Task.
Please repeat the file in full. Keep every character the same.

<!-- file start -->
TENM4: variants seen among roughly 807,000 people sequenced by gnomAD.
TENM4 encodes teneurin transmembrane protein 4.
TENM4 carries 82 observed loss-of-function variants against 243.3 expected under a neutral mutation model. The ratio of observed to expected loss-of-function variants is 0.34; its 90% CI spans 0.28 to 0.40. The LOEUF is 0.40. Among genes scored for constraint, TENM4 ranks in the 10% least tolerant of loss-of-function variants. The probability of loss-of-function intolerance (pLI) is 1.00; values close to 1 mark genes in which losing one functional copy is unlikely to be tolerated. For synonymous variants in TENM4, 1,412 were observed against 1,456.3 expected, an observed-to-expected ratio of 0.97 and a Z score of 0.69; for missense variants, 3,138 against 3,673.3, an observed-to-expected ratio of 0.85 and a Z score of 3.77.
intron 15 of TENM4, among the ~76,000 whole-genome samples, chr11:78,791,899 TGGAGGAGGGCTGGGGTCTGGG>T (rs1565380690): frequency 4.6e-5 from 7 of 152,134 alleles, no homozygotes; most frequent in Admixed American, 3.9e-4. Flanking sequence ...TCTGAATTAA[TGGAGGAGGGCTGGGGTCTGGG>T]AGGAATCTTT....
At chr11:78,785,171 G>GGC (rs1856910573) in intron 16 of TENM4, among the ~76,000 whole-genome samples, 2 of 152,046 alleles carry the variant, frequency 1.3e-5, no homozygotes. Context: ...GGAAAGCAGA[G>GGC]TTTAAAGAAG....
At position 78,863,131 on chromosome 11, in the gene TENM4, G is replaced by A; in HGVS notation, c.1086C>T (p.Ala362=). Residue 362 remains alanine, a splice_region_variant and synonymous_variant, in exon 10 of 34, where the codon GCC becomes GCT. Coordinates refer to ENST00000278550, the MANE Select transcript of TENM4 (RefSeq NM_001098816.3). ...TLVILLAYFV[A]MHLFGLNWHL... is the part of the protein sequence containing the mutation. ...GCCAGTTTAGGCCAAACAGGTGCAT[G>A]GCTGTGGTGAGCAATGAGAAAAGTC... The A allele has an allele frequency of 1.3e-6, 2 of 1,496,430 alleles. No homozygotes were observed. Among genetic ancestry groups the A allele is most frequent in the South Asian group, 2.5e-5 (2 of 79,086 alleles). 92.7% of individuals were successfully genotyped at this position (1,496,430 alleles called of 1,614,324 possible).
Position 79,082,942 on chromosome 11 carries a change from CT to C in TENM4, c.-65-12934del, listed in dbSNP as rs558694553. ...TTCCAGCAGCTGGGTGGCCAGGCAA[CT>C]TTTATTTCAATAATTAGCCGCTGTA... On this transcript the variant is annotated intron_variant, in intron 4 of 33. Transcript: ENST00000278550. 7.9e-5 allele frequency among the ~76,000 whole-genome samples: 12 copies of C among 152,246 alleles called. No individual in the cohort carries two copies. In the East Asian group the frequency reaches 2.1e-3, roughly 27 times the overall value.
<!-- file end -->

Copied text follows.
TENM4: variants seen among roughly 807,000 people sequenced by gnomAD.
TENM4 encodes teneurin transmembrane protein 4.
TENM4 carries 82 observed loss-of-function variants against 243.3 expected under a neutral mutation model. The ratio of observed to expected loss-of-function variants is 0.34; its 90% CI spans 0.28 to 0.40. The LOEUF is 0.40. Among genes scored for constraint, TENM4 ranks in the 10% least tolerant of loss-of-function variants. The probability of loss-of-function intolerance (pLI) is 1.00; values close to 1 mark genes in which losing one functional copy is unlikely to be tolerated. For synonymous variants in TENM4, 1,412 were observed against 1,456.3 expected, an observed-to-expected ratio of 0.97 and a Z score of 0.69; for missense variants, 3,138 against 3,673.3, an observed-to-expected ratio of 0.85 and a Z score of 3.77.
intron 15 of TENM4, among the ~76,000 whole-genome samples, chr11:78,791,899 TGGAGGAGGGCTGGGGTCTGGG>T (rs1565380690): frequency 4.6e-5 from 7 of 152,134 alleles, no homozygotes; most frequent in Admixed American, 3.9e-4. Flanking sequence ...TCTGAATTAA[TGGAGGAGGGCTGGGGTCTGGG>T]AGGAATCTTT....
At chr11:78,785,171 G>GGC (rs1856910573) in intron 16 of TENM4, among the ~76,000 whole-genome samples, 2 of 152,046 alleles carry the variant, frequency 1.3e-5, no homozygotes. Context: ...GGAAAGCAGA[G>GGC]TTTAAAGAAG....
At position 78,863,131 on chromosome 11, in the gene TENM4, G is replaced by A; in HGVS notation, c.1086C>T (p.Ala362=). Residue 362 remains alanine, a splice_region_variant and synonymous_variant, in exon 10 of 34, where the codon GCC becomes GCT. Coordinates refer to ENST00000278550, the MANE Select transcript of TENM4 (RefSeq NM_001098816.3). ...TLVILLAYFV[A]MHLFGLNWHL... is the part of the protein sequence containing the mutation. ...GCCAGTTTAGGCCAAACAGGTGCAT[G>A]GCTGTGGTGAGCAATGAGAAAAGTC... The A allele has an allele frequency of 1.3e-6, 2 of 1,496,430 alleles. No homozygotes were observed. Among genetic ancestry groups the A allele is most frequent in the South Asian group, 2.5e-5 (2 of 79,086 alleles). 92.7% of individuals were successfully genotyped at this position (1,496,430 alleles called of 1,614,324 possible).
Position 79,082,942 on chromosome 11 carries a change from CT to C in TENM4, c.-65-12934del, listed in dbSNP as rs558694553. ...TTCCAGCAGCTGGGTGGCCAGGCAA[CT>C]TTTATTTCAATAATTAGCCGCTGTA... On this transcript the variant is annotated intron_variant, in intron 4 of 33. Transcript: ENST00000278550. 7.9e-5 allele frequency among the ~76,000 whole-genome samples: 12 copies of C among 152,246 alleles called. No individual in the cohort carries two copies. In the East Asian group the frequency reaches 2.1e-3, roughly 27 times the overall value.